For the concerned friend of a victim – or an abuser – the hardest part can be finding the right words to say. Make sure the person being abused knows your friendship is unconditional and you will listen, not judge. So many times survivors of dating violence blame themselves. Let them know it isn’t their fault. Encourage honesty, but remember he or she may have experienced traumatic abuse and may find it difficult to open up about the relationship. Make your specific concerns clear and tell the friend that the abuser’s actions have no excuse.

Most importantly, try to bolster the friend’s self-esteem and don’t give up on him or her. “They need you more than they know,” said Doe. “It’s easier to just turn the other cheek, but it isn’t right. If I hadn’t lost so many friends, I might’ve been able to end the relationship faster.”

If students see abuse, they can confront the perpetrator peacefully, or enlist help from teachers or counselors. The job of keeping students safe from dating violence rests with individuals as well as an observant, responsive and supportive school community. Students can take the issue into their own hands by organizing campaigns to tackle dating or domestic violence in their community. A group of teens in Massachusetts did just that with SeeItAndStopIt.org. The organization provides facts, explanations and stories from real relationships, as well as tool kits to help people start their own projects.

School officials and other concerned individuals can protect survivors of abuse by helping them develop a “safety plan.” Artemis and other battered women’s shelters provide these risk assessments through their hotline. “The safety plan can vary and depend on the situation. The victim should guide the process,” said Gottschalk. The plan can involve getting a protection order, which Ohio extended to teens in 2009, or having a detailed plan of action in case of a crisis. Gottschalk believes these can save lives if done correctly.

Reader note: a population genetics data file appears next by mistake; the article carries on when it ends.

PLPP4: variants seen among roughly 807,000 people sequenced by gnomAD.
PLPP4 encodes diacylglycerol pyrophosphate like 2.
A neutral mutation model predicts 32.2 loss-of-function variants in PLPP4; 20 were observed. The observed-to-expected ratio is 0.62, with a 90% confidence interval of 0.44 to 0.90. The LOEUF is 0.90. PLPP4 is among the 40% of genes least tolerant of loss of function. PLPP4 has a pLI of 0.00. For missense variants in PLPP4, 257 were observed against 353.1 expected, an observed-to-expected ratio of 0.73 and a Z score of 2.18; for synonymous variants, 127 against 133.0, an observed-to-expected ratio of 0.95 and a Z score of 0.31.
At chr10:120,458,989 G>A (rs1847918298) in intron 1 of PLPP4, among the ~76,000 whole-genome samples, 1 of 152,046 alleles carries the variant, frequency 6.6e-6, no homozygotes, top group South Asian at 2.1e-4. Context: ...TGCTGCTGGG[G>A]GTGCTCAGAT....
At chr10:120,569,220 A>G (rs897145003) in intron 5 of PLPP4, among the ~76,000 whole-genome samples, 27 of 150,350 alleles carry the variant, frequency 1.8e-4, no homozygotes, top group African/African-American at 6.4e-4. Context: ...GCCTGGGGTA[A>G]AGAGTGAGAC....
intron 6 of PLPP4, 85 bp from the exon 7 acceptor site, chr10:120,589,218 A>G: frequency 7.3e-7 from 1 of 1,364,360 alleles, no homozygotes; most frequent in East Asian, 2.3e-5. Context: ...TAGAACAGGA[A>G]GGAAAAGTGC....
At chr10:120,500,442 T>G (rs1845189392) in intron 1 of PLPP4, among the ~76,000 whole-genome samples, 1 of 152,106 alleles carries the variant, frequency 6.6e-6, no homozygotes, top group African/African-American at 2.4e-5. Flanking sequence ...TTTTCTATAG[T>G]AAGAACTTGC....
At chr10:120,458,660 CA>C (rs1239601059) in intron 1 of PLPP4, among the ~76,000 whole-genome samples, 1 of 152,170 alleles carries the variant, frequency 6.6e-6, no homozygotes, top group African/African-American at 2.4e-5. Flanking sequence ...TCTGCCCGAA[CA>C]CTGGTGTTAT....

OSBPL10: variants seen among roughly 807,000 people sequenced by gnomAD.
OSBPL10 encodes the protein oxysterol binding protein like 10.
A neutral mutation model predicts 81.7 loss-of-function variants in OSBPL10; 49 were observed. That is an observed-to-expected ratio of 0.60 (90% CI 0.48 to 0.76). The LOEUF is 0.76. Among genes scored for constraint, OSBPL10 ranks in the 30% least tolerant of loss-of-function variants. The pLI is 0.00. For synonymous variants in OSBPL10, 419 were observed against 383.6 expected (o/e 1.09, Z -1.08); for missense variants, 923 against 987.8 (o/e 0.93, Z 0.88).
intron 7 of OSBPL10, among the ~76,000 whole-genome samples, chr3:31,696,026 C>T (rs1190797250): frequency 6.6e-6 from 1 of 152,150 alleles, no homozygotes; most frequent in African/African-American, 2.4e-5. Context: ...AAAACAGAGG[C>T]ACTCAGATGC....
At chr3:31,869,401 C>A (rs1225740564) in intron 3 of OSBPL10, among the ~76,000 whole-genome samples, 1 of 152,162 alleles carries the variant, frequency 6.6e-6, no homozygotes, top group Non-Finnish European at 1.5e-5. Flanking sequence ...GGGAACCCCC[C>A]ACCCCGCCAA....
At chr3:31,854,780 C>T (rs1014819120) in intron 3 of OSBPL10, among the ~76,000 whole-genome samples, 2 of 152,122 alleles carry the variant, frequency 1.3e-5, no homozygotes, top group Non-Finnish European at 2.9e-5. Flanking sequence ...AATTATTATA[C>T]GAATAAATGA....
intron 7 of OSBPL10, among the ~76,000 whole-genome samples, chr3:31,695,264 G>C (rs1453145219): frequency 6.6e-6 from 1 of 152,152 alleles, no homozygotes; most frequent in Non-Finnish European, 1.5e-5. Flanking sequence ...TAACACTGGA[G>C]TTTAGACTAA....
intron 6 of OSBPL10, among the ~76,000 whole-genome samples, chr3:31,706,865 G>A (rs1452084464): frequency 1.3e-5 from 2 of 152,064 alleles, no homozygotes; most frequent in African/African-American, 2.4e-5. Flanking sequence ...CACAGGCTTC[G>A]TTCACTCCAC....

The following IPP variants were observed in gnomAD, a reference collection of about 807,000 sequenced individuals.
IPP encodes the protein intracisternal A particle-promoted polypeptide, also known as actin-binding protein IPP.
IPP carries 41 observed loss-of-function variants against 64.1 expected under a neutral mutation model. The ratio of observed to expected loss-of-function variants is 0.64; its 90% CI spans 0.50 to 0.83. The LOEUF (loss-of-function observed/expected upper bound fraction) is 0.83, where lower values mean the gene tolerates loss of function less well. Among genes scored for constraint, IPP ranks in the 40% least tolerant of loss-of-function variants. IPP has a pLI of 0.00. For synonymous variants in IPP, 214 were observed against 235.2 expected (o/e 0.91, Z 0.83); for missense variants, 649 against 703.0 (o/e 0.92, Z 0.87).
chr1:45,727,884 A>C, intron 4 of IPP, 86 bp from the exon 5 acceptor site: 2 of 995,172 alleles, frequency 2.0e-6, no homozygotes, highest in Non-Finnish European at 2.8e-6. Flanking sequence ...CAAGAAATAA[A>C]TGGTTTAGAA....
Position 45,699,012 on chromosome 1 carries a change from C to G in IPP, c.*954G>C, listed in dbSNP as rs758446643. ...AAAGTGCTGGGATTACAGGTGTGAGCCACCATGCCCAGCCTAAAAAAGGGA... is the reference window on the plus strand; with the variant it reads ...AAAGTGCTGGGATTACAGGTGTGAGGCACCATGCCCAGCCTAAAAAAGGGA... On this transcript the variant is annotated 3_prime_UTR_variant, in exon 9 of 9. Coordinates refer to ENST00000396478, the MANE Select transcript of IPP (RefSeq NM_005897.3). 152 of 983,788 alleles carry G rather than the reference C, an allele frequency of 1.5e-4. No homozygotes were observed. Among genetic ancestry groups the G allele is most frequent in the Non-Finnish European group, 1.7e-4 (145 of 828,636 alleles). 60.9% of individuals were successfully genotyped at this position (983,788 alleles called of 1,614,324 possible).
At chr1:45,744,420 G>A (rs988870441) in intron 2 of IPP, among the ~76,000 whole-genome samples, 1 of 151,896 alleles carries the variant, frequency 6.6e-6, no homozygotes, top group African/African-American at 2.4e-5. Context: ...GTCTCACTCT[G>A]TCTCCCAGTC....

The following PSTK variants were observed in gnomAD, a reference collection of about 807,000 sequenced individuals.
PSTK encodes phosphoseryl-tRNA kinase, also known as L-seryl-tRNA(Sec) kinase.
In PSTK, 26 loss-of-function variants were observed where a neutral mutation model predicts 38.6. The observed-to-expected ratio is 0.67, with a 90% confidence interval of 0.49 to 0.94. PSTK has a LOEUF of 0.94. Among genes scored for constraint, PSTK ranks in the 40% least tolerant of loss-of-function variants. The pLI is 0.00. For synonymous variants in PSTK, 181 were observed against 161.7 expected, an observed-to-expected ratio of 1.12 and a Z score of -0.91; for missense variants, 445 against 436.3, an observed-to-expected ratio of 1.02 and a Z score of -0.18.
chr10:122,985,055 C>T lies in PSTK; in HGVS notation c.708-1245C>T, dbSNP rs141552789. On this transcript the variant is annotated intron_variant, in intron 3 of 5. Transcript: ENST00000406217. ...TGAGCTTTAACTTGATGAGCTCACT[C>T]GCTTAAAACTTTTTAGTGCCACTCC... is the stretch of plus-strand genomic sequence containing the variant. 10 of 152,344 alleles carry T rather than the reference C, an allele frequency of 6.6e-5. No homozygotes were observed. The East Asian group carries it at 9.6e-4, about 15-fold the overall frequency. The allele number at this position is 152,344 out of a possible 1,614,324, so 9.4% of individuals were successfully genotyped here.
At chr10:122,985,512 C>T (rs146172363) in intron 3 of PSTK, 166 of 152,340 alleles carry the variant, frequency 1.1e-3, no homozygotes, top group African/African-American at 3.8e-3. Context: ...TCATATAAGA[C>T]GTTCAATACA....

Acting as a community

Both genders fall victim to abuse, so both men and women should feel responsible for promoting healthy relationships. Having strong, honorable and compassionate male role models is vital to the healthy development of young men. So many batterers were once victims of abuse themselves. Coaching Boys into Men (CBIM) tries to engage men, specifically athletic coaches, to teach their athletes and sons respectful attitudes and behavior, both on and off the field. Coaches should check out CBIM’s Playbook and Coaches’ Kit or go to www.coachescorner.org/ if they’re interested in incorporating these ideas into their training.

The victims and perpetrators of dating abuse come from every race, ethnicity, class, religion, gender and sexual orientation. That means every community, especially our school community, is responsible for confronting the violence and providing support for its survivors.

Johanna Orozco now tours the country speaking words of encouragement to other survivors, but her face remains disfigured from the attack that could have been stopped. Let Orozco’s story be a reminder of what can happen when communities don’t respond.

“If someone would have told me two years ago that I would be the victim of emotional abuse, I would laugh because that could never happen to me,” said Doe. “But it can, and it did.”

Resources on dating abuse:

YWCA’s 24-hour domestic violence emergency hotline: 937-222-7233

Ohio Domestic Violence Hotline: 800-934-9840

For information and advice on identifying (and leaving) an abusive relationship, visit http://blog.loveisrespect.org/